4. Mr YEUNG advised that a passenger would have to pay a $50 deposit for buying an Octopus card. About $30 of the deposit would be the cost of the card, and the remaining value would enable a passenger to complete a journey even if the value of the card was below the fare for the trip. The Octopus card could be issued in a personalized form incorporating the user ' s name and other personal data. The charge for processing such personalized data was $20 in addition to the $50 deposit. Mr YEUNG said that he would propose to the KCRC Managing Board to shoulder half of the $50 deposit and waive the processing cost of $20 for the Personalized Octopus for LR monthly/seasonal ticket holders if they subscribed to the Personalized Octopus within a transitional period, the duration of which had yet to be decided. In conclusion, Mr YEUNG stressed that KCRC had had regard to the responsibility of the Corporation in serving the community when drawing up its fare revision proposals.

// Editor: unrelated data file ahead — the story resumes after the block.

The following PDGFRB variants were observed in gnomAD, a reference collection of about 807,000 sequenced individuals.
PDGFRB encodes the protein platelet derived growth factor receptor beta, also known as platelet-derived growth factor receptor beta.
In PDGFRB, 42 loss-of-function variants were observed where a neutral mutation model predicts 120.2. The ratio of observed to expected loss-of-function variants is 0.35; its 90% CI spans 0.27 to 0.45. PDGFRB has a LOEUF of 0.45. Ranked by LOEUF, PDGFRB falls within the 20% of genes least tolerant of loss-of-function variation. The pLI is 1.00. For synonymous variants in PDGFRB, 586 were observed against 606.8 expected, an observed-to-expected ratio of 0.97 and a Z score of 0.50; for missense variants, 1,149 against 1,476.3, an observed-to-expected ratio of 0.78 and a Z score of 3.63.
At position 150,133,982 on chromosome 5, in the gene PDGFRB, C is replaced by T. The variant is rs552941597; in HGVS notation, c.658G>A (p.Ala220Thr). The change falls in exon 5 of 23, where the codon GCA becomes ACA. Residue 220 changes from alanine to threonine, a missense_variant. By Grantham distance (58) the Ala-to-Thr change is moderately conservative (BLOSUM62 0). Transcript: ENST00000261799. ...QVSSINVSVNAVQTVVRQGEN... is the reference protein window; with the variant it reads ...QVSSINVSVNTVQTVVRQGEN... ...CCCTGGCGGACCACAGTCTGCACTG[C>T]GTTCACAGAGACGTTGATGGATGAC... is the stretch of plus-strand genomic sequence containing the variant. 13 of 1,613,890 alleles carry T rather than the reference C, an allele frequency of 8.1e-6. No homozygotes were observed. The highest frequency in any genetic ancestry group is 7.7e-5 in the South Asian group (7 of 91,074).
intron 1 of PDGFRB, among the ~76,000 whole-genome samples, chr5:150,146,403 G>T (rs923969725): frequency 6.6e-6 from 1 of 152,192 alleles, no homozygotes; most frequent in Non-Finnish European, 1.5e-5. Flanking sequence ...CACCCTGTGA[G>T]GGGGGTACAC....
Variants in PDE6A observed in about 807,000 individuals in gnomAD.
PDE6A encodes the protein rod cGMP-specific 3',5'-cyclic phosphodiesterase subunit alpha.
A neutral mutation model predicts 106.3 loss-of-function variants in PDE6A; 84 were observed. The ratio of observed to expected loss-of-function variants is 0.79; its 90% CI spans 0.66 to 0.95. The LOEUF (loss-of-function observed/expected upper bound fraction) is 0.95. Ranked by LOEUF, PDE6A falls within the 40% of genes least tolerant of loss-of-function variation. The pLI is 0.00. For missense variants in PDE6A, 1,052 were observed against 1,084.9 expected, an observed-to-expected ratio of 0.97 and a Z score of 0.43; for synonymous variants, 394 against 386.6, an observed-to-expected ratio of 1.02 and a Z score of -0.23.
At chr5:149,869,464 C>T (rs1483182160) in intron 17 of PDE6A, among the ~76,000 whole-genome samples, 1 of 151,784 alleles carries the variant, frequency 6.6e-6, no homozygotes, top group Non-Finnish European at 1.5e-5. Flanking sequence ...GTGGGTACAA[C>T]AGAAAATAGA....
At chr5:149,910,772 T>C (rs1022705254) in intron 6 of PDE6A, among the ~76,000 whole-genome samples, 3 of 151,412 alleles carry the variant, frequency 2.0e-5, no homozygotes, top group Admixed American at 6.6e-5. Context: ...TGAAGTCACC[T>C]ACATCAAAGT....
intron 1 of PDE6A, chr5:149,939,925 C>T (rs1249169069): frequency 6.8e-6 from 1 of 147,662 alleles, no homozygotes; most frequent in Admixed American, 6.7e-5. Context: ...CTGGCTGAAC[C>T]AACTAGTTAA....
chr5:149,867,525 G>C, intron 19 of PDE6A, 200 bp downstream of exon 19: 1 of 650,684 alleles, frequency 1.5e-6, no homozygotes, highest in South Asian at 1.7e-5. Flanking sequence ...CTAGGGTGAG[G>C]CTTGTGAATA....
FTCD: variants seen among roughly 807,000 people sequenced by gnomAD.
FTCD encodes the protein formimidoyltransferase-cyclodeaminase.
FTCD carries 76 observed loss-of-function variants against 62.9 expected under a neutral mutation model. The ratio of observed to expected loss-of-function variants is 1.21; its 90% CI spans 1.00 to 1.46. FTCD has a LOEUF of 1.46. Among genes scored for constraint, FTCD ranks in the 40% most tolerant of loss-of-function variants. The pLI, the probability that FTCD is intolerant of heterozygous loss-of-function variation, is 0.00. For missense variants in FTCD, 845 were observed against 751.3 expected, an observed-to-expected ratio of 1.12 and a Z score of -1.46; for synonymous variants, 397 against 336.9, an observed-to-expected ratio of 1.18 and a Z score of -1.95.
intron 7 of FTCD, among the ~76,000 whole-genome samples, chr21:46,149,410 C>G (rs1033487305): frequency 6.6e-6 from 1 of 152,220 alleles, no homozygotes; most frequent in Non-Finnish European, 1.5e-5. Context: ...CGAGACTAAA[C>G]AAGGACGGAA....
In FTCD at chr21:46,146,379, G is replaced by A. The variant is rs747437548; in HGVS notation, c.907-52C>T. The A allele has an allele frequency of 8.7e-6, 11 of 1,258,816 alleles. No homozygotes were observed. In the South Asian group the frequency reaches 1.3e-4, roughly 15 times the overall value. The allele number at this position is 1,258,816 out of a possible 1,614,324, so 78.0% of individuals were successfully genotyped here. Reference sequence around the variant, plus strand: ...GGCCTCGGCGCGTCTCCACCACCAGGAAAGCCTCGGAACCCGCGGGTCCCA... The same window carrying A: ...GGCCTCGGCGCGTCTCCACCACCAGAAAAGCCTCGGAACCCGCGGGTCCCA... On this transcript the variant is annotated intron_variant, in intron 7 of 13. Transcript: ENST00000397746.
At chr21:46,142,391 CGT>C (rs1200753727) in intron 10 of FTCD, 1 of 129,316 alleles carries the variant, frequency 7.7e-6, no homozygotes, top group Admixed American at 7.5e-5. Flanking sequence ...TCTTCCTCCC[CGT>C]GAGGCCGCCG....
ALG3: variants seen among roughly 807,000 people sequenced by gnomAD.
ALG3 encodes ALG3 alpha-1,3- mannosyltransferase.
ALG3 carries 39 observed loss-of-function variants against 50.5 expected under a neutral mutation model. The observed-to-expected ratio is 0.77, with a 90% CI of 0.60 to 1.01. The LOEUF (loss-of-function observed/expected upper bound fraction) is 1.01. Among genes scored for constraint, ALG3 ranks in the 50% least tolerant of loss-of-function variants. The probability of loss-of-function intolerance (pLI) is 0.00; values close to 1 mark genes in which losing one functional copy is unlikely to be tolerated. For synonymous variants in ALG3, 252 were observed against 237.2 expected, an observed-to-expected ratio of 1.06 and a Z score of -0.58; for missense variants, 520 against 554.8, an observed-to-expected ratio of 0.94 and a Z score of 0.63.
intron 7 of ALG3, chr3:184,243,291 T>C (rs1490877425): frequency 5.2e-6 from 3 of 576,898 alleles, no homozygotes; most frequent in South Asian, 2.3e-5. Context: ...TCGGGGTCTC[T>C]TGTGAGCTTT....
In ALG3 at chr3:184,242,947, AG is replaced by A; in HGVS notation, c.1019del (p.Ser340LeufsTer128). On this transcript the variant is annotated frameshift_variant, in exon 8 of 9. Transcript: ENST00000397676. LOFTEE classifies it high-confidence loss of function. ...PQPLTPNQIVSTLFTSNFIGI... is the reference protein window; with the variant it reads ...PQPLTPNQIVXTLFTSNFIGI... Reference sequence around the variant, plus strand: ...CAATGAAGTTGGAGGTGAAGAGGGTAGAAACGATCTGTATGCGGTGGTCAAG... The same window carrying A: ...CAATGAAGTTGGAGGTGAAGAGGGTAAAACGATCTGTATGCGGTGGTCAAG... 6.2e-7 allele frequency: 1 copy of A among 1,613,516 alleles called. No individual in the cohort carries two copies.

|5.Members urged KCRC to lower the deposit to $30, and to waive the additional processing cost of $20 for the Personalized Octopus. In response, Mr YEUNG advised that KCRC was only one of the shareholders of the company operating the Octopus ticketing system, and he would convey members ' views to the company for consideration. Mr YU also explained that unlike the ordinary card, the Personalized Octopus card which contained personal data of the card holder was not recyclable. Personalized Octopus card holders could transfer the remaining values to new smart cards if the old cards were lost. As such, an additional processing cost of $20 was required. He assured members that the company would have proper mechanisms to protect the privacy of such personalized data.||KCRC
6Hon Edward HO declared interest as member of the Managing Board of the Mass Transit Railway Corporation (MTRC). In response to his enquiry, Mr YEUNG clarified that KCRC had proposed transitional arrangements to encourage LR multi-ride ticket holders to use the Personalized Octopus. Such arrangements would not be extended to users of other means of public transport.
7.In response to members ' suggestion, Mr YU said that it was inadvisable to retain or re-introduce monthly/seasonal tickets for LR as these tickets had the drawbacks that ticket holders paid the same fares irrespective of the trips made and distance travelled. Mr YEUNG also emphasized the importance of bringing LR fare structure in line with the distance-based fare structures of other public transport in Hong Kong. This was particularly important in view of the connection of LR with the Western Corridor Railway in the near future. Meanwhile, frequent users would continue to enjoy concessions, distributed equitably, under the Octopus.